The Spook School on touring, safer spaces and their new album

As The Spook School ready themselves for the release of new album Could it be Different?, we chat self-care, safer spaces and the sudden closure of Fortuna Pop!

Feature by Kate Pasola | 15 Jan 2018

“I think touring is when I’m my best self.” Though the wryness of Adam Todd – guitarist and vocalist in The Spook School – is wrapped in honesty, all four band members crumble into rapturous laughter. We’ve spent the last 20 minutes discussing harassment, abuse, safe spaces and the state of the world, and it’s clear the self-defined queer-punk outfit are keenly aware of the power held in comic relief.

The topic at hand is self-care – more specifically, the toll touring takes on the mental health of musicians. “I think if you’re just getting to a place and then going to a venue, playing a show and then sleeping, and then getting into a van and going to another venue – that could be kind of depressing,” shares guitarist and vocalist Nye Todd, who co-founded The Spook School with brother Adam. While Nye’s self-care strategy involves “getting up early and making sure that you see the sun,” bassist and vocalist Anna Cory thinks they “need to get better at turning down rider drinks.” And for the irrepressible Niall McCamley, the band's drummer? “Every now and again I’ll disappear. I’ll let everyone else hang out as a group and I’ll just go for a giant walk around somewhere. And if people try to talk to me in a language I don’t understand I’ll get scared and try and find everyone again.”

But for Adam, it’s a different story: “I don’t like getting home.” Following the confetti-worthy successes of debut album Dress Up (2013) and sophomore release Try to be Hopeful (2015), the band spent the tail-end of last year relentlessly touring the UK and Europe in support of explosive NYC duo Diet Cig. “You’re just in your own little bubble…” Adam continues, “and then you get home and you’ve got so much going on.” The band’s upcoming North American tour (also with Diet Cig) is set to be even more extensive, a run of 20-odd dates in early 2018 across a geographical span of over 10,000 miles. “Longer than The Proclaimers!” declares Niall to the sound of guffaws from his bandmates.

This tour coincides with the release of the band’s new album, Could it be Different?, a vital collection of 11 songs that enlist the band’s trademark optimism and spirited lyricism to cut through society’s constructs and normative BS. Though the album mixes more explicit social commentary with personal stories, every morsel stands for something. “I think in the smaller personal songs... there’ll often be something [where] you’ll listen and go ‘oh, this is clearly not about like a straight relationship,'” says Anna. “Little things like that, I think people maybe are happy to hear anyway, even if it’s not what the entire song is about. Little hints.”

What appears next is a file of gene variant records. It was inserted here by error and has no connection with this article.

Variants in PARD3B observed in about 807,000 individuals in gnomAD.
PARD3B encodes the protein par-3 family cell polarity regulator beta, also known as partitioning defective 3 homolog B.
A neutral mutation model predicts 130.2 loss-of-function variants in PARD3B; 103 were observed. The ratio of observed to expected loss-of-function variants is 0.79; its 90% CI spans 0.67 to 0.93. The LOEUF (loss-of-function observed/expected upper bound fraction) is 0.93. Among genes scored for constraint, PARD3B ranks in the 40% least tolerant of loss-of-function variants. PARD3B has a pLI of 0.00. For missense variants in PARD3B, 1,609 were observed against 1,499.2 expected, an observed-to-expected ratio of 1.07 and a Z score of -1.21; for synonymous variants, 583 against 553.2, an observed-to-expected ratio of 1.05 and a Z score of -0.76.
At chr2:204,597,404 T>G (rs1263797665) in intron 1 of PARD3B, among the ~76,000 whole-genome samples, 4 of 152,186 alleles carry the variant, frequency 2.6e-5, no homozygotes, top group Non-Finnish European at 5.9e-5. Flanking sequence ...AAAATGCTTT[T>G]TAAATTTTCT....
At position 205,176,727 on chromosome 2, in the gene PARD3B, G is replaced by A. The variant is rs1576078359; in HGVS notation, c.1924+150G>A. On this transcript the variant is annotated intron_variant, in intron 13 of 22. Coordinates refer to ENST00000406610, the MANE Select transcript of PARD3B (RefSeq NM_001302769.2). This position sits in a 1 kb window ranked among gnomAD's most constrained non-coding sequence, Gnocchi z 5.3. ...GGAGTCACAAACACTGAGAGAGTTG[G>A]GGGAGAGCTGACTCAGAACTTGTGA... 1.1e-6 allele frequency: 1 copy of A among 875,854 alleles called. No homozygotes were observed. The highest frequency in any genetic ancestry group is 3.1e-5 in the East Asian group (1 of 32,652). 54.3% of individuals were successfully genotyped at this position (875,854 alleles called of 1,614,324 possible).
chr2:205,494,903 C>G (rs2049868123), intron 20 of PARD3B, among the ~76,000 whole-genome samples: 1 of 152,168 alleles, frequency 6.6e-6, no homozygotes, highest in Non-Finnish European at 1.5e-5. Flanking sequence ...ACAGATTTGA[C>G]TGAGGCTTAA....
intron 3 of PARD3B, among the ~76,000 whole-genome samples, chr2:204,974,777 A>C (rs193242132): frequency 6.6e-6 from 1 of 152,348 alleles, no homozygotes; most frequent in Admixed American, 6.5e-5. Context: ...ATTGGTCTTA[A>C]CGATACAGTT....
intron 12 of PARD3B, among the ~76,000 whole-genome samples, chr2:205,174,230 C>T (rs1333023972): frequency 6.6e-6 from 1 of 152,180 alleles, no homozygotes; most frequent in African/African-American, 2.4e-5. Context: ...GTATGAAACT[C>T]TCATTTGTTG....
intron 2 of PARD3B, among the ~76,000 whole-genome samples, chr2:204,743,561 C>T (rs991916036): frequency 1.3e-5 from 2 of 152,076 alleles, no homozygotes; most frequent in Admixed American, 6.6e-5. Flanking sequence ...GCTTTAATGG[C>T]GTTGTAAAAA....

The record dropkicks listeners into The Spook School’s technicolor utopia from the off with new track Still Alive, a song penned by Nye after surviving an abusive relationship. By now, Spook School gig-goers have become accustomed to participating in cathartic chants, and Still Alive’s anthemic refrain 'Fuck you, I’m still alive' doesn’t disappoint. The song celebrates resilience rather than giving limelight to abusers; but such uncapped joy begs the question – how does the band manage to consistently transform melancholy into musical tonics? “We’re always focused on stuff that’s fun to play live,” explains Nye. “Even if a song started out really kinda depressing in all aspects, I think once we’ve been in the practice room for a while, that’s probably not that much fun to play. So, y’know, we make it more fun.”

The track’s unbridled radiance spills into the music video too – a DIY affair in which Breakfast Muff’s Eilidh McMillan uses treacle to conduct sugary voodoo on a selection of Spook School mini-me dolls. Though the process resulted in a sweetly irreverent video, it wasn’t without logistical challenges. “At that stage Niall had never heard of or seen treacle,” Anna smirks, winsomely sparring with him. “I’d heard of it, and I’d heard the phrase ‘running through treacle’ but I never put two and two together,” he offers regretfully. “I thought ‘ooh, I’ll have a spoonful o’ that’.... and what did I say?” Anna dutifully responds – “You said ‘It’s alright, I couldn’t eat a whole tin” – and we’re back to laughter.